“I personally am not feeling Giannoulias,” wrote a community activist from Chicago’s West Side a few days ago in response to my question on the Illinois Senate race. “I think the Green Party candidates LeAlan Jones will generate a lot of support,” she continued.
I’m guessing many Illinoisans share my friend’s lack of feeling for Democrat Alexi Giannoulias in his race for the U.S. Senate seat to fill the unexpired term of Barack Obama.
Illinois Congressman Bobby Rush said something similar during President Obama’s recent visit to Chicago for a Giannoulias fundraiser. Rush told Chicago Public Radio’s WBEZ that on the “gut level issues” of jobs, crime, food deserts, business opportunities, entrepreneurship, and home foreclosure, Obama’s basketball buddy Alexi is thin.
“What are his positions?” Rush asked in an exasperated tone. The congressman said he doesn’t think Senator Dick Durbin, Chicago Mayor Richard Daley, or President Obama have quizzed Giannoulias on those issues. “These are not Bobby Rush questions. These are black community questions.”
Exasperation on top of apathy in a key Democratic constituency, without whom there’s not much to the Illinois Democratic Party, is bad news. But then add to the horror the Chicago Sun Times’ Laura Washington column on the Democrats’ nightmare. It’s not banks, mobsters, or loans to the shady Iraqi businessman Nadhmi Auchi. No, it’s worse; a dream looking to become reality. It’s blacks going Green in a tight race between Giannoulias and Kirk. Enough of them going Green could throw the race to the Republican.
Then along comes the youthful and energetic LeAlan Jones, a 31-year-old journalist, high school coach, and youth mentor. Jones is running on the insurgent Green Party ticket, which is trying to make inroads in the November 2 election.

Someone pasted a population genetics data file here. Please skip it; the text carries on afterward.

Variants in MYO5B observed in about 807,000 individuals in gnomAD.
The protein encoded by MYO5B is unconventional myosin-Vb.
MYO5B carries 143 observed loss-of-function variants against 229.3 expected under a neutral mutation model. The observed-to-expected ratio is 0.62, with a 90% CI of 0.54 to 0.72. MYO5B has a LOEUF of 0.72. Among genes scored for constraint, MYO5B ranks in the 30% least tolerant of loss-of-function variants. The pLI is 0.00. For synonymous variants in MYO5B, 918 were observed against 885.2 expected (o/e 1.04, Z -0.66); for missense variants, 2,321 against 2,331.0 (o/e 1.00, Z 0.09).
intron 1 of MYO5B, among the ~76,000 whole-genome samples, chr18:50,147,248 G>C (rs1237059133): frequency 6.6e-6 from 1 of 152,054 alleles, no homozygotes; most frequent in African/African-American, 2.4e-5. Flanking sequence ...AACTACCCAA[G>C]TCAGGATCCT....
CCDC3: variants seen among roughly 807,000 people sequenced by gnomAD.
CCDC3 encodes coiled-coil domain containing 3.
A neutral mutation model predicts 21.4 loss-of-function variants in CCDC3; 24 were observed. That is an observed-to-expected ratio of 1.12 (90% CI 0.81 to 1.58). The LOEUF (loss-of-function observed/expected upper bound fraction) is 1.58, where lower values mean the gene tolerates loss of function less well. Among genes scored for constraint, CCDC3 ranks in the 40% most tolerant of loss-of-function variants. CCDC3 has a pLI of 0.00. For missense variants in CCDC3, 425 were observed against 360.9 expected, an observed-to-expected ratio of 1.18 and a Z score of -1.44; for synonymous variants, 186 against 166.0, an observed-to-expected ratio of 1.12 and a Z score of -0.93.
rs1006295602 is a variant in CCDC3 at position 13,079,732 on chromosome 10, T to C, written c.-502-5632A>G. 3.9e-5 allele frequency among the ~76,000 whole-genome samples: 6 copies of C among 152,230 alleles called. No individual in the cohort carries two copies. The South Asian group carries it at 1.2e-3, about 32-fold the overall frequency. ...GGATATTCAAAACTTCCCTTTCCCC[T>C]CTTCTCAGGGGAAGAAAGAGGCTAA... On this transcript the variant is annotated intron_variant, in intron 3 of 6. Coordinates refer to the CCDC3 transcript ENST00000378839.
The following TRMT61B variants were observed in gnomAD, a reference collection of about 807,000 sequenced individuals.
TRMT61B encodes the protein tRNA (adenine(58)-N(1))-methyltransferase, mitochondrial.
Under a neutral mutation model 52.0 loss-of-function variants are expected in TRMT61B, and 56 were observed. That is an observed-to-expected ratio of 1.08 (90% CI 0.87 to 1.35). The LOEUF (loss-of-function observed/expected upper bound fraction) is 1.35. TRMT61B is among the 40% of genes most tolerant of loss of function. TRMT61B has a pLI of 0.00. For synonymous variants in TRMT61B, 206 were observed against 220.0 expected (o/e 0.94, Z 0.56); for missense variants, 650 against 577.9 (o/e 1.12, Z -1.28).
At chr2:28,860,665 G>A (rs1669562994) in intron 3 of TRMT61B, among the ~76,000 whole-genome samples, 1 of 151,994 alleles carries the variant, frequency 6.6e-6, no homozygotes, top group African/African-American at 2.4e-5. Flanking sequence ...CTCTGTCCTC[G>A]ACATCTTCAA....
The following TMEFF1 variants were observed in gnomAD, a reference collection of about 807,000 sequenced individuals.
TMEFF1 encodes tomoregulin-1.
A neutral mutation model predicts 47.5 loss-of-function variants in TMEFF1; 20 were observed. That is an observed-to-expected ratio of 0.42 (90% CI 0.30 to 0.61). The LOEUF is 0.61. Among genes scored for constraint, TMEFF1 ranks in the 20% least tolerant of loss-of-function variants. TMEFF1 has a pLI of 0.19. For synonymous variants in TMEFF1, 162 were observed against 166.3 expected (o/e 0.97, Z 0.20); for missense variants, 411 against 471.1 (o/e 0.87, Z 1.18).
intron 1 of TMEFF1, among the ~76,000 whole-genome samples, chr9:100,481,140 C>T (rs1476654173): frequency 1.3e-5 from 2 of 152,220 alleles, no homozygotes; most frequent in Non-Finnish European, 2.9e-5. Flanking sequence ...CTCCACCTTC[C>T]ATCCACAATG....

Jones has no political or governmental record, paltry cash, and scarce name recognition. But he has a monstrous helping of chutzpah. He owns one unmistakable asset — he is African American. Jones may be a Green, but the color of the moment is black.
Jones, an African American raised in the shadow of Chicago’s Ida B. Wells housing project, is without insecurities about his street cred. As a writer and producer of radio documentaries on life in Chicago’s ghetto for the BBC, he is sure to pick up some progressive votes.
Jones gave up a career in banking to be single father to two nephews and he coaches the linebackers at Chicago’s football powerhouse Simeon High School. No need for fake dialects or street talk. Jones is pure Chicago and a nightmare for Democrats because his appeal could easily reach beyond African Americans.
A passionate Obama supporter and activist in the gubernatorial campaign of independent Scott Lee Cohen wrote me of Giannoulias:
I really do not think it looks all that good, with the monies from his bank, and the people look at that, even though Obama did a fundraiser for him.
And another suburban Cohen supporter wrote:
I like him [Giannoulias] personally, but not sure I would vote for him. That is the one race that I can’t really decide. I don’t like the other choice either. I normally vote for Democrats. I am sure more dirt will come up on him and Kirk before Election Day. I will make my choice then.
Chicago political columnist Tom Roeser once wrote of the “great American public’s Sleepy Eye” on elections. It’s the voter’s habit to stay a bit glazed and unfocused until great light slices through and he decides.